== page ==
When it comes to domestic abuse, says Kayleigh Llewellyn, we’re asking the wrong questions.
Why does she stay? It’s a question I resist the urge to ask as an adult. But as a child, it was the question I asked daily, angry and confused. “Why have we got to stay? Let’s just go. Let’s get in the car and leave.”
Blank-eyed, my mother would brush me off. “We can’t. He’s your father. Who will look after us?”
It was a funny sort of care he offered.
Through my naive eyes, I couldn’t see the chains that were holding her there. But she was chained. Her binds were real, even if they weren’t physical.
The trouble with abuse, both mental and physical, is that it doesn’t just happen overnight. It’s a systematic process of dismantling a person’s sense of self-worth over a long period of time. Like finding a castle a kid has built from Lego, with turrets and towers and a draw-bridge. Then, every day, removing a single block, until it’s just a pile of plastic rubble, with no-one really being able to recall exactly what it used to look like.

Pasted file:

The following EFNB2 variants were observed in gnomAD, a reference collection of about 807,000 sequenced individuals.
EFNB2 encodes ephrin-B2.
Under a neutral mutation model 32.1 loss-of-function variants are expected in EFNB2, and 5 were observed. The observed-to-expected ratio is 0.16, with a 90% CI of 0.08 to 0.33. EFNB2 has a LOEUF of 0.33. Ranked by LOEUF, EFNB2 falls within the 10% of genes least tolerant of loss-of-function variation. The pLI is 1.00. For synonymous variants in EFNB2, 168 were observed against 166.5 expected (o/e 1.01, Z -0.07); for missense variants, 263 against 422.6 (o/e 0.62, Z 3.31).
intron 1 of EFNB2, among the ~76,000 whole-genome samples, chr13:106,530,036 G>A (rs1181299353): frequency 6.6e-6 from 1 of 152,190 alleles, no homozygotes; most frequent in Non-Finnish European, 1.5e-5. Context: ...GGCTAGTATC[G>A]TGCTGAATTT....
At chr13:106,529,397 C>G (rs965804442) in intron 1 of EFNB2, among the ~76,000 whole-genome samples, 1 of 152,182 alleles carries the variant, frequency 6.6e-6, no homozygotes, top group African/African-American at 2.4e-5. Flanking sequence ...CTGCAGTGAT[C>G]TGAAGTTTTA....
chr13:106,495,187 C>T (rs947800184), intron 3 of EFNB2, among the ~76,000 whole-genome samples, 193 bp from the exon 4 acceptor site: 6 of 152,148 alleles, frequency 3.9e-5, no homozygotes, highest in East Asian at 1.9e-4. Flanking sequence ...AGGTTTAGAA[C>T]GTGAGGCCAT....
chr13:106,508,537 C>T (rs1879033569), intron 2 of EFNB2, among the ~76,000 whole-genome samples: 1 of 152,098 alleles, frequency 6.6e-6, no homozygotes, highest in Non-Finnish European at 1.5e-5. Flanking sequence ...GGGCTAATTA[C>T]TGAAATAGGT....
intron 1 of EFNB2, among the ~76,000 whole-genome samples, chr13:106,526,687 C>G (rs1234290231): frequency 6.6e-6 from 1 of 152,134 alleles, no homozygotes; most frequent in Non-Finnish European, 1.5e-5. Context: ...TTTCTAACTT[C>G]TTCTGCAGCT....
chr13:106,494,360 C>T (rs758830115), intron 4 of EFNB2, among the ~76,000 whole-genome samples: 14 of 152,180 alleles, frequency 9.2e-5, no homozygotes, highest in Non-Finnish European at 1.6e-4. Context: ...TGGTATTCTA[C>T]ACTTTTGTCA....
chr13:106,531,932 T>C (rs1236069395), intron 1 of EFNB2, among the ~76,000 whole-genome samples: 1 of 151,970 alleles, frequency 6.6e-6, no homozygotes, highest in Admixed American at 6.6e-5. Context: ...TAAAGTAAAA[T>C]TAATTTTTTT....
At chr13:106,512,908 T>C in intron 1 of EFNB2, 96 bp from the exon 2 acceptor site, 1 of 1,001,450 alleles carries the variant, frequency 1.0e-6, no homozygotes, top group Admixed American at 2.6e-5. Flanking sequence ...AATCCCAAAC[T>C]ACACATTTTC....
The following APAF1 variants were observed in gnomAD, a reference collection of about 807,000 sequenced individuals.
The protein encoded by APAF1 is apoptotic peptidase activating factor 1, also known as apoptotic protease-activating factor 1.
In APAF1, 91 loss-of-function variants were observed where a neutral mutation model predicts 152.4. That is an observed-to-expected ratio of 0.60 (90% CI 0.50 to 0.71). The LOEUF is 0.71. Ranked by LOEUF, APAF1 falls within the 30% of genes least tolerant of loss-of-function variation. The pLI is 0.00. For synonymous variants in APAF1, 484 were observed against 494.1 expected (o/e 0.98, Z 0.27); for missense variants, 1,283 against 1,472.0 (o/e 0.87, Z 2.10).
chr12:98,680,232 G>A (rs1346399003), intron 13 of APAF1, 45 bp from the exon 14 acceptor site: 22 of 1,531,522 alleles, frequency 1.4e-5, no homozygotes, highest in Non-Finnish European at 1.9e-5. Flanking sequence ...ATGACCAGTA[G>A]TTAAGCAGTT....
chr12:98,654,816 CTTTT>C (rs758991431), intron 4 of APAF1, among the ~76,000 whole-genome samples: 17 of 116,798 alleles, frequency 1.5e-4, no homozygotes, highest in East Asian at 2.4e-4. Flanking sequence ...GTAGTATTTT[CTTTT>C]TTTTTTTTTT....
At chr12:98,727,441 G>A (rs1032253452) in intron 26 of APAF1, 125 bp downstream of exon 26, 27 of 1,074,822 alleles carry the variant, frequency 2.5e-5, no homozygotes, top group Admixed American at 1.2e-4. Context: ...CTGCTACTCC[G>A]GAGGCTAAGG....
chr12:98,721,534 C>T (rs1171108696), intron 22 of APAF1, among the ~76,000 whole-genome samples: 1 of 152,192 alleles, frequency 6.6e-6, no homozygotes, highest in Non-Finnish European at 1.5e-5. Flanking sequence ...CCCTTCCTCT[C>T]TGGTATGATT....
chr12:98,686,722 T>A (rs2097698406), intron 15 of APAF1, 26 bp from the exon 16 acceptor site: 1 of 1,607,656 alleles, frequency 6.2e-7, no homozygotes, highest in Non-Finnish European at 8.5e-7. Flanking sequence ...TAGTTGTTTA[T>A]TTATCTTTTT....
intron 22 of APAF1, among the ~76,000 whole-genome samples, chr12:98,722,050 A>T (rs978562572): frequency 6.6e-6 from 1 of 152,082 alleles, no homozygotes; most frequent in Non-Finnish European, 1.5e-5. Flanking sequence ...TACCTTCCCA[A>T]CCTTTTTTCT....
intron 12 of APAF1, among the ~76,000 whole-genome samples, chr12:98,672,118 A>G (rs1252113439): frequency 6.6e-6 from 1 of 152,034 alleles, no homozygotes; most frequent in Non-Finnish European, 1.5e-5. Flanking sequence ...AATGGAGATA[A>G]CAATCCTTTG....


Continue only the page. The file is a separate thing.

It’s no one isolated thing; not one punch in an elevator, or a shove at home. If life were a video game, and domestic violence was your adversary – it would be the most impossible foe. Its modes are constantly changing, its methods shifting, its weapons varied and endless.
Everyone’s story is different, but from my own experience, it began with degradation. Not blazing rows, but calm verbal assaults laid cooly upon my mother. “Who else would want a slut like you? Who else would feed your kids?” (Funny now when I have successes as an adult, he’s ready to claim me as his own.)